Images by Date
Images by Category
Solar System
White Dwarfs
Neutron Stars
Black Holes
Milky Way Galaxy
Normal Galaxies
Galaxy Clusters
Cosmology/Deep Field
Images by Interest
Space Scoop for Kids
Sky Map
Photo Blog
Top Rated Images
Image Handouts
Fits Files
Image Tutorials
Photo Album Tutorial
False Color
Cosmic Distance
Look-Back Time
Scale & Distance
Angular Measurement
Images & Processing
Image Use Policy
Web Shortcuts
Chandra Blog
RSS Feed
Email Newsletter
News & Noteworthy
Image Use Policy
Questions & Answers
Glossary of Terms
Download Guide
Get Adobe Reader
More Images of SDSSp J1306
Chandra X-ray Image of SDSSp J1306
The X-rays observed by Chandra from the quasar SDSSp J1306 (or J1306) have taken 12.7 billion light years to reach Earth, only a billion years less than the estimated 13.7-billion-year age of the Universe. Surprisingly, the distribution of X-rays with energy - the X-ray spectrum - in this early epoch quasar is indistinguishable from that of nearby, older quasars. The smaller object in the upper left of the image is a foreground galaxy.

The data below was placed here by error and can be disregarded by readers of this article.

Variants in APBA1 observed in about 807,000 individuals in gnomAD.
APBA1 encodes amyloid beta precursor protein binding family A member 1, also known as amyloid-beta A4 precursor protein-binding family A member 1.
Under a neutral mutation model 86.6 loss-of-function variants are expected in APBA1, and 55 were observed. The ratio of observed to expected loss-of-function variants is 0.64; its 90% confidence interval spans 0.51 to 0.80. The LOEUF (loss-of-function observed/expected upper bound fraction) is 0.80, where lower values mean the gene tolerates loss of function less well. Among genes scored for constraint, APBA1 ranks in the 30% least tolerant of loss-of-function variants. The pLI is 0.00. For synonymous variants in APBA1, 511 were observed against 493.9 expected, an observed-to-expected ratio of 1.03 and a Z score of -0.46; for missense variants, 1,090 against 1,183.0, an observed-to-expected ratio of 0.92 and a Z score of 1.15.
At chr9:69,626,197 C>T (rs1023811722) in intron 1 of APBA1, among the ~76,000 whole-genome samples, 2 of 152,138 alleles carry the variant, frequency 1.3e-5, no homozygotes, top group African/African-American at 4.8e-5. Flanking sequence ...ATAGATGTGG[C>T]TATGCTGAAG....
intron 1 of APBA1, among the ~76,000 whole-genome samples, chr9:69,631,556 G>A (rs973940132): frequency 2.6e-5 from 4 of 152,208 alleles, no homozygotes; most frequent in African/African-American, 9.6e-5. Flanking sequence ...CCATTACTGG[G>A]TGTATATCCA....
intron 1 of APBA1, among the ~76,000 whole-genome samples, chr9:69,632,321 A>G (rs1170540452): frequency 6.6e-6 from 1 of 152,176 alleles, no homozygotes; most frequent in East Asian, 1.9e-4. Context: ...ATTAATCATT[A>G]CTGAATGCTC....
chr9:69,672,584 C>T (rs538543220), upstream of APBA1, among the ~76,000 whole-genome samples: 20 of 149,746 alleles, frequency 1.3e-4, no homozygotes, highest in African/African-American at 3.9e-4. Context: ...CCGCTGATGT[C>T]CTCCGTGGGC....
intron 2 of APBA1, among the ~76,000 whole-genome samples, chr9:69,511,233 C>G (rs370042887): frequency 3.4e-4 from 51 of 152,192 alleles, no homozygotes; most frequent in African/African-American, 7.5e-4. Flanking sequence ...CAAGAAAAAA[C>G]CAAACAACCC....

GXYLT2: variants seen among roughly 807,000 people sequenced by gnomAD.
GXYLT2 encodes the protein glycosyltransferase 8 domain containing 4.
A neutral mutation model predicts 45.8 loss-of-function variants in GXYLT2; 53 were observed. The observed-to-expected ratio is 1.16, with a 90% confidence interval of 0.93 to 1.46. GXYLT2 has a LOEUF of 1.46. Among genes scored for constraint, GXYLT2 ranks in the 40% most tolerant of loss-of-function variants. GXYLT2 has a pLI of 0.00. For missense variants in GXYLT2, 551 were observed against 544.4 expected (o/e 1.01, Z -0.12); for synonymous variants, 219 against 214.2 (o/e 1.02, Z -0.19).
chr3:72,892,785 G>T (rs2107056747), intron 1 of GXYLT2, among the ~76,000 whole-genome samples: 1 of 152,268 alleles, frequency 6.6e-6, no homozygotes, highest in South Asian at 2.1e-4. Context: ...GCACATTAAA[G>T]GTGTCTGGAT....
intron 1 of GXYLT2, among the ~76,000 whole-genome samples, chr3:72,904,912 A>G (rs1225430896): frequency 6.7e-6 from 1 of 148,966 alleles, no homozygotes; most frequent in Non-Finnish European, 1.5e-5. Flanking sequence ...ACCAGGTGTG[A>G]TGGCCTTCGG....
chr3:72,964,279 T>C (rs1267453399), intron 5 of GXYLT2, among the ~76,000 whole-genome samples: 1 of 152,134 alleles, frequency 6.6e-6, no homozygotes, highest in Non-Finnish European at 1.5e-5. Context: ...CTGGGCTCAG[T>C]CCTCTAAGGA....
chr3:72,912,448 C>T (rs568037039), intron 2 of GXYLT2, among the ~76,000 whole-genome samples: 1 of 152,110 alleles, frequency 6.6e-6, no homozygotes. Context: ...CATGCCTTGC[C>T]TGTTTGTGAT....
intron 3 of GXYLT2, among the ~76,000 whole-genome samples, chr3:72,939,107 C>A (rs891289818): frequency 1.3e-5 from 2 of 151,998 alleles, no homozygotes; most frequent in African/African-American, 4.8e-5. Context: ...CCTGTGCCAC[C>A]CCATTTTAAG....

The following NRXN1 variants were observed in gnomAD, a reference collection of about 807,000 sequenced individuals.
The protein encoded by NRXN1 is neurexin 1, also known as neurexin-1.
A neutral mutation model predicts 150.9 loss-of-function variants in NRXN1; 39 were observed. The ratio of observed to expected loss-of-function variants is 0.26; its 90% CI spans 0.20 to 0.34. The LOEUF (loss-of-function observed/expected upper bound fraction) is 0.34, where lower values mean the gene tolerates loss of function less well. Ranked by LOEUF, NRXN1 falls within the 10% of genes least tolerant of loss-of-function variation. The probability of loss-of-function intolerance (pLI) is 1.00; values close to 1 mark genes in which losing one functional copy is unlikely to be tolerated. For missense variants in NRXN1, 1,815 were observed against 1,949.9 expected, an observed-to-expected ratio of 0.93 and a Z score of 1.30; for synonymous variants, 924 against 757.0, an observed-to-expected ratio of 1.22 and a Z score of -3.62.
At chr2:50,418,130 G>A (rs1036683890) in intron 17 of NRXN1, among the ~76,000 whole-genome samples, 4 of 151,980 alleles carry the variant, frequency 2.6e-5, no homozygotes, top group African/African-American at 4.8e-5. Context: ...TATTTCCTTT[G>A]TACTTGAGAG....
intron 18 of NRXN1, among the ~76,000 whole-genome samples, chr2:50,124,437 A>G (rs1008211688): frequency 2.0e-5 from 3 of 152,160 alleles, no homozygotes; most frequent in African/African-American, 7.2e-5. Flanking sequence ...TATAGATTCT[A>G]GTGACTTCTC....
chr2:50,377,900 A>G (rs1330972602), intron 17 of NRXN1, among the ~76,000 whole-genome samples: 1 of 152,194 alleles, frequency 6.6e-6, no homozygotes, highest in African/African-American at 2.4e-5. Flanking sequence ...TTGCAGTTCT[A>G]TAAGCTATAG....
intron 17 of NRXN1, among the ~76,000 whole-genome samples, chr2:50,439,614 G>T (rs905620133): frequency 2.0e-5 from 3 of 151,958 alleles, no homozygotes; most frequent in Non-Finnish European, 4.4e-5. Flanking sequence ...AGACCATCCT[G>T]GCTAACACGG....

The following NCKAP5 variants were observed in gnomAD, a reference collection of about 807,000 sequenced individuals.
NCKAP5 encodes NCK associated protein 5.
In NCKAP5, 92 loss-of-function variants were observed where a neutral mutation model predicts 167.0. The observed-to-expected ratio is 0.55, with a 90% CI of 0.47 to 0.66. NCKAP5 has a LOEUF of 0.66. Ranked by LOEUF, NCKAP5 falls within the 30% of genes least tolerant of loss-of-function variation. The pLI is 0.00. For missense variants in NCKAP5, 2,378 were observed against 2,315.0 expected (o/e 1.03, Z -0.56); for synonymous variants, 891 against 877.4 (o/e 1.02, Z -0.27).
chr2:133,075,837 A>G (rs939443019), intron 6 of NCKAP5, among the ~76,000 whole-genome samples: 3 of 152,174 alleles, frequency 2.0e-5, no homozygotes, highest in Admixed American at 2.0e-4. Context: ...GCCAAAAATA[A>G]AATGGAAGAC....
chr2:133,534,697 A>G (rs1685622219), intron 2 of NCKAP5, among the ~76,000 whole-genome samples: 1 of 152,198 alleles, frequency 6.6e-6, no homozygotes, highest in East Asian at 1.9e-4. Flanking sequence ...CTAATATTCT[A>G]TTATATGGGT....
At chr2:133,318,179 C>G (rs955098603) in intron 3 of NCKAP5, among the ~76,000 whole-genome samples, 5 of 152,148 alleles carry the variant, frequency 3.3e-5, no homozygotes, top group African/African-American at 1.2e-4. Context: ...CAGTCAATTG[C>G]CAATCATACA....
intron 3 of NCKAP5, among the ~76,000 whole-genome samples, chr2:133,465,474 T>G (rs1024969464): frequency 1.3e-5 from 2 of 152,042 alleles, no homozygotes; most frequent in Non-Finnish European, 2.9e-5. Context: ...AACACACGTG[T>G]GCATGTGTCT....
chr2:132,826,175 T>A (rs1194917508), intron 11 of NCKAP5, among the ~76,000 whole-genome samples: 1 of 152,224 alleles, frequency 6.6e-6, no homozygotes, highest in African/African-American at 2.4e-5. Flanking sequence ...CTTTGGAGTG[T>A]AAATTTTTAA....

Scale: Image is 1 arcmin per side
(Credit: NASA/CXC/D.Schwartz & S.Virani)

Click for large jpg
Jpeg, Tiff, PS
Click for large jpg
Jpeg, Tiff, PS
Illustration of Quasar SDSSp J1306
This illustration shows how X-rays are thought to be produced in SDSSp J1306. Material from a large torus of gas and dust in the center of a galaxy is pulled toward a black hole. Most of the infalling gas is concentrated in a rapidly rotating disk, and a hot atmosphere or corona where temperatures can climb to billions of degrees. Collisions of low-energy optical, ultraviolet and X-ray photons from the disk with the hot electrons in the corona boost the energy of the photons up to the high-energy X-ray range.
(Illustration: NASA/CXC/M.Weiss)

Chandra X-ray Image with Scale Bar
Scalebar = 0.3 arcmin
Scale: Image is 1 arcmin per side
(Credit: NASA/CXC/D.Schwartz & S.Virani)

Return to SDSSp J1306 (22 Nov 04)